If this blog post looks upside down to you, I apologize – it’s because I’m south of the equator right now. Hahaha. After 12 days of torrential rains in Bangkok, I made my way this week down to Bali, Indonesia. The weather here is absolutely perfect: 85 degrees and sunny every day (and there are wild unicorns, and leprechauns… it really is a magical place!). Most of the pics are just beach stuff since that’s most of what I’ve done. In the next day or so I plan to hire a driver to take me around to a bunch of different sights around the island and will post more interesting pics.
My first few days were in Kuta. Kuta is kind of the main surfing town in southern Bali. The number of surf shops is mind-boggling: Billabong, Hurley, Volcom, Ripcurl, Element, Etnies, Quicksilver, Oakley… all of them have huge, multi-floored stores here, and everything about the vibe here just screams beach and surfing. The beach goes on in either direction as far as you can see, and it’s not at all crowded. You only need to walk a little ways to find a whole section of beach to yourself if that’s what you want. It’s nice being at a beach where big waves are crashing in – Thailand beaches don’t really have big waves. I’ve never surfed before, but I think I could do it now after spending a lot of time watching the surfers out on the waves. The ones that aren’t very good all seem to make the same mistake: they fall off their surfboard. I think I’ll go give them some of my valuable advice…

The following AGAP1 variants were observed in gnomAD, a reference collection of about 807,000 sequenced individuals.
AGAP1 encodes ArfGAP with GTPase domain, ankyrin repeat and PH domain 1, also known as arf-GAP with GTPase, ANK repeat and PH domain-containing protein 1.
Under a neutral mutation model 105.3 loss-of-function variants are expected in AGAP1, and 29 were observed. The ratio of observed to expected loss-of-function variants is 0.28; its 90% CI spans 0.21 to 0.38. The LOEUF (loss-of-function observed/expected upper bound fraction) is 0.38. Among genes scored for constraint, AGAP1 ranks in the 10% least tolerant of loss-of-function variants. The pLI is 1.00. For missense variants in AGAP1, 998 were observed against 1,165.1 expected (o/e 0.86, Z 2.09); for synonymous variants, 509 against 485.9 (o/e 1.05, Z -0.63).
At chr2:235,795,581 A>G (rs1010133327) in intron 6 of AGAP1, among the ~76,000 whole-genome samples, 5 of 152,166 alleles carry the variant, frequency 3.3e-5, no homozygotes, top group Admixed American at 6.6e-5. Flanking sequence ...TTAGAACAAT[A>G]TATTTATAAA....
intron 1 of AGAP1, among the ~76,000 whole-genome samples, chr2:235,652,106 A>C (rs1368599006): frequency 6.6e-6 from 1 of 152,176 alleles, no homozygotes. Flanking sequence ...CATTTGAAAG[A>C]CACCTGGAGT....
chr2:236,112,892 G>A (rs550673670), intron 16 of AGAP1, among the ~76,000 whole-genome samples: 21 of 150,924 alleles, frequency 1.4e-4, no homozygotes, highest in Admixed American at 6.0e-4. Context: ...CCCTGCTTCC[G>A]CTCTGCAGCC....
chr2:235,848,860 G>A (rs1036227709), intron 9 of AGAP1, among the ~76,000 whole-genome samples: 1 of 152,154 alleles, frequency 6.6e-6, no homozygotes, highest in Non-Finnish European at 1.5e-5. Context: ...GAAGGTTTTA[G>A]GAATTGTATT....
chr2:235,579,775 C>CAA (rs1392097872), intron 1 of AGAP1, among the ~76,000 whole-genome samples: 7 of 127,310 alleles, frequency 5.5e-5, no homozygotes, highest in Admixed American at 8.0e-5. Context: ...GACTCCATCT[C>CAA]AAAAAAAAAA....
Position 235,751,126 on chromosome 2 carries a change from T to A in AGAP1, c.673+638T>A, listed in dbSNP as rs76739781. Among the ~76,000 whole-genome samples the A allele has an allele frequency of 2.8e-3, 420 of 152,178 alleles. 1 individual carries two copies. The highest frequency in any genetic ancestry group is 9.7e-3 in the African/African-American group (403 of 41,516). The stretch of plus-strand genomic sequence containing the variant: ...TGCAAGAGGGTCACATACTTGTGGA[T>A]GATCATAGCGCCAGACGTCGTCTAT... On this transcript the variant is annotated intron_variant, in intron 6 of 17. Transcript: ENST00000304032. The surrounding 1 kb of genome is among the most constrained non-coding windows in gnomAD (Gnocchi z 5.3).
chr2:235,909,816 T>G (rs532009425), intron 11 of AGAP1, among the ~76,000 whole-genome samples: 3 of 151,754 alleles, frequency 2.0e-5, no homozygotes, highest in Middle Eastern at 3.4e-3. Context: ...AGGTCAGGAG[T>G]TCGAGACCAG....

The vast majority of the tourist population is Australian. In fact, other than a couple of people from New Zealand, every single tourist I’ve met has been from Australia. And this is supposedly the “slow season” – I couldn’t imagine what this place would be like in July/August/September which is the peak season.
Let’s see… so we have a surfing beach town and we have Australians. Put those two together, and you can well imagine that Kuta is also a bit of a party town! A surprising number of bars and restaurants are open 24 hours a day…yikes. And those Aussies certainly know how to drink like rockstars, and in general are very fun (and funny!) people to be around. But as the night wears on, they also seem to know how to puke like rockstars as well…and then suddenly they’re not so fun to be around.
The local beer here is called Bintang, and it’s surprisingly good (perhaps, a little too good). Every single shop along the streets sells Bintang shirts and tank tops, in every color of the rainbow. The funny thing was that literally within an hour of checking into my hotel, I was walking down the street and bought one at the first shop I went into, thinking it was kind of cool looking. Then as I continued to walk to the beach, I realized that *everyone* is wearing Bintang tank tops. It’s like it’s the official Kuta uniform or something.
If you know me, you know that I hate karaoke. I mean hate it with a passion. I’ve never done it, have no desire to do it, and can’t stand listening to other people sing badly. However, I saw a twist on it at one of the clubs that was pretty cool. Instead of having the music on CDs, they had an actual live band that played your song and you were up on stage with them, and the band kind of did backing vocals if you didn’t know all the words or were singing badly. It actually was really fun to watch. Maybe it was the alcohol talking, but for a minute I even considered doing it, but then I figured the only song I wanted to sing they probably didn’t know (Vanilla Ice’s “Ice Ice Baby”).